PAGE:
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The First Retreat

The greatest love of my life is the process and practice of yoga. I wouldn't know most of our community, or have been able to be one of the faces in the lives of so many wonderful people. Like any relationship, it has been a long, arduous journey at times, though, and I've wondered whether I'm cut out for it. That's life. Thank the difficult times and enjoy the good ones while they last.


My worldview is heavily defined by relationships - friends, partners, parents, siblings, strangers - and the relationship we cultivate with our self. Always suspicious and hyper aware of the less than wholesome qualities of my mind, I have struggled to trust my own goodness and therefore to trust in the inherent goodness of others. It's a quality that leaves much to be desired in a friend, a partner, a daughter or a sister. Most of all, it kept me feeling small and unworthy of my own heart. I think I just never learned to really like myself that much.


There have been moments where I believed life was no longer worth the endless wrestling match of my mind. Those stories we all take on about heartbreak, disappointment, failure, sadness, regret, and guilt have a tendency to rattle around, silent and behind the curtains of consciousness like mischievous stagehands when we haven't felt them fully; I mean really experienced them and let them breathe. I felt bored for most of my life. To cover up the boredom, I worked incessantly and to a perfectionist degree. Things like a typo or misstep in class kept me up at night. Being a little bit crazy isn't new to me, but this brain jabber would never


turn


off.


This was the impetus to go into the woods for 9 straight days of silence to meditate. Free from expectation the way you can only be when you honestly have no idea what you're doing, I walked around in a half- amused daze of confusion for three days, watching fellow retreatants come and go, doing my best to stay awake, waiting for something to happen while also half believing it's all crazy. Our minds have tricks like these to distract us from unpleasant feelings; like a magpie, my attention dive bombed from one shiny object to another.


Sit, walk, sit, walk, sit, walk, eat. Present existence defined by the crunch of gravel, the cough of the woman in the room, the clink of silverware on plates.

It was all mundane until during one of those sits, I cracked.


By cracked, I mean I woke up, properly, for the first time. I felt all of my thirty one years of life wasted on old shit - on shit priorities, on selfish desires and childish tantrums all because I believed I was special and deserved to live without some strife. I wallowed in this realization and the subsequent sadness for a time, crying for days and deeply depressed, falling into the hole of yet another storyline about "who I am". I am a depressed, ungrateful, sad person, I would say to myself. I've been given everything and done nothing with it. I sat and cried and walked and cried and ate and cried, all a comforting pattern of blaming myself instead of taking responsibility for the information I had been given. Meanwhile, the retreat content continued to ask the same thing, to just notice and let go. After all of the crying (and in a very undramatic way while watching the clouds pass for an hour or two) I saw those mental patterns for what they are, which was just more of the same carousel of self-pity and self-doubt that had been the story of my life to that point. Perfection is an illusion. Doubt is an illusion. Predjudice and hate are illusions. All of these illusions are challenges the mind stirs up when we don't understand the fundamental nature of the self - that there is nothing, in fact, to protect.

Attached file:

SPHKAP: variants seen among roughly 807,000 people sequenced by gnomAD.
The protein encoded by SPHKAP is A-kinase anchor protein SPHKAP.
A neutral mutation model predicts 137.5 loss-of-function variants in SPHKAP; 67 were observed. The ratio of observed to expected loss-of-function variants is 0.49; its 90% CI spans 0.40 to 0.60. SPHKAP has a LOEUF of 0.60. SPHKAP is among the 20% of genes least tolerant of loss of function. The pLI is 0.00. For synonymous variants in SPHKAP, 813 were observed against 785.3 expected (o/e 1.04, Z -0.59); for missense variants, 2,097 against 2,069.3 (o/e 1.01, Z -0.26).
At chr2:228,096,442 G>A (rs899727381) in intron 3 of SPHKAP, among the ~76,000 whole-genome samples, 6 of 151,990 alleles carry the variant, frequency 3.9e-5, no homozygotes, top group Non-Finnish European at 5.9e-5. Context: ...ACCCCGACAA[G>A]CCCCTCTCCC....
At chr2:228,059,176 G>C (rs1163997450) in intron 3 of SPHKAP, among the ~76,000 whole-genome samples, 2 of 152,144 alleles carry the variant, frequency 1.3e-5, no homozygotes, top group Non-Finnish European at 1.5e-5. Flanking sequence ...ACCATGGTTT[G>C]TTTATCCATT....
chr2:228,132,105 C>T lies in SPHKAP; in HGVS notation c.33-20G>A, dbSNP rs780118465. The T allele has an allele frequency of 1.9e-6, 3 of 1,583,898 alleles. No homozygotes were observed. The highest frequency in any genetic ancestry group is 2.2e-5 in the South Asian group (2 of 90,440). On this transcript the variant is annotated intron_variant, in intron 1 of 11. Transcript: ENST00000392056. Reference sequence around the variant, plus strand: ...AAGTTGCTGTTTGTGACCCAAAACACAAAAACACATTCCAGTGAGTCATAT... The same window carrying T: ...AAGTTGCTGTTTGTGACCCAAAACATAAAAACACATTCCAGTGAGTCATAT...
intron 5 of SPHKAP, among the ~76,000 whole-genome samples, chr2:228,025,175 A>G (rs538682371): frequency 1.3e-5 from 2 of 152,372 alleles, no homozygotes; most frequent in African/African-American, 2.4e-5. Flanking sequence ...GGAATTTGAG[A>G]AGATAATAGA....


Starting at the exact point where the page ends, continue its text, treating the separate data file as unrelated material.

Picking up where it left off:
That's it. Then it was gone.


I can't describe that moment of realization - of total freedom, really - under the big fluffy clouds any more clearly than the sensation of flying along in an airplane, feeling the engines thrust the metal people tube through the air at 700 mph, and realizing that all of a sudden, the engines are silent and the plane is gliding. For a few brief moments all is quiet. No babies squawking. No ice tinkling in plastic cups. Just silence as thousands of pounds undetectably sail through a mist of billions of individual water droplets high above the landscape. Nothing to do, nothing to be. Awake and observant.


Someone coughs. The plane banks left. We go back to reading our books.


As Tim Miller has said, that's the thing about Samadhi; the first one is always free.


So I guess what's left is what we do with the information we're handed. We could choose to ignore it, or we could choose to nurture, water, and hold space for it. We all have our lessons to teach and to learn in this life. I believe mine is to teach living and loving with great, deep, consuming passion. I suspect my lesson to embody is that love is surrender. These aren't things we just easily bring into our lives, no, they are the work of a lifetime. In our practice of yoga, we see glimpses of our highest truths as we chip away our crusty layers of illusion and resistence. Surrendering to the not-self means we can let go of the victim mentality, that we are no-longer characters in the play of life. As we internalize the reality that we are all waves in a boundless ocean, we see that all of life is a path of lessons we can choose to learn or continue to stumble over as we wheel through the finite days and weeks of our lives. For me, there is no work more worthy of my limited time than to learn to live with the highest integrity, kindess, equanimity, and truth in all interactions, and to learn some compassion along the way when, innevitably, the opportunity to embrace these lessons eludes me in the moment.


And so we begin.


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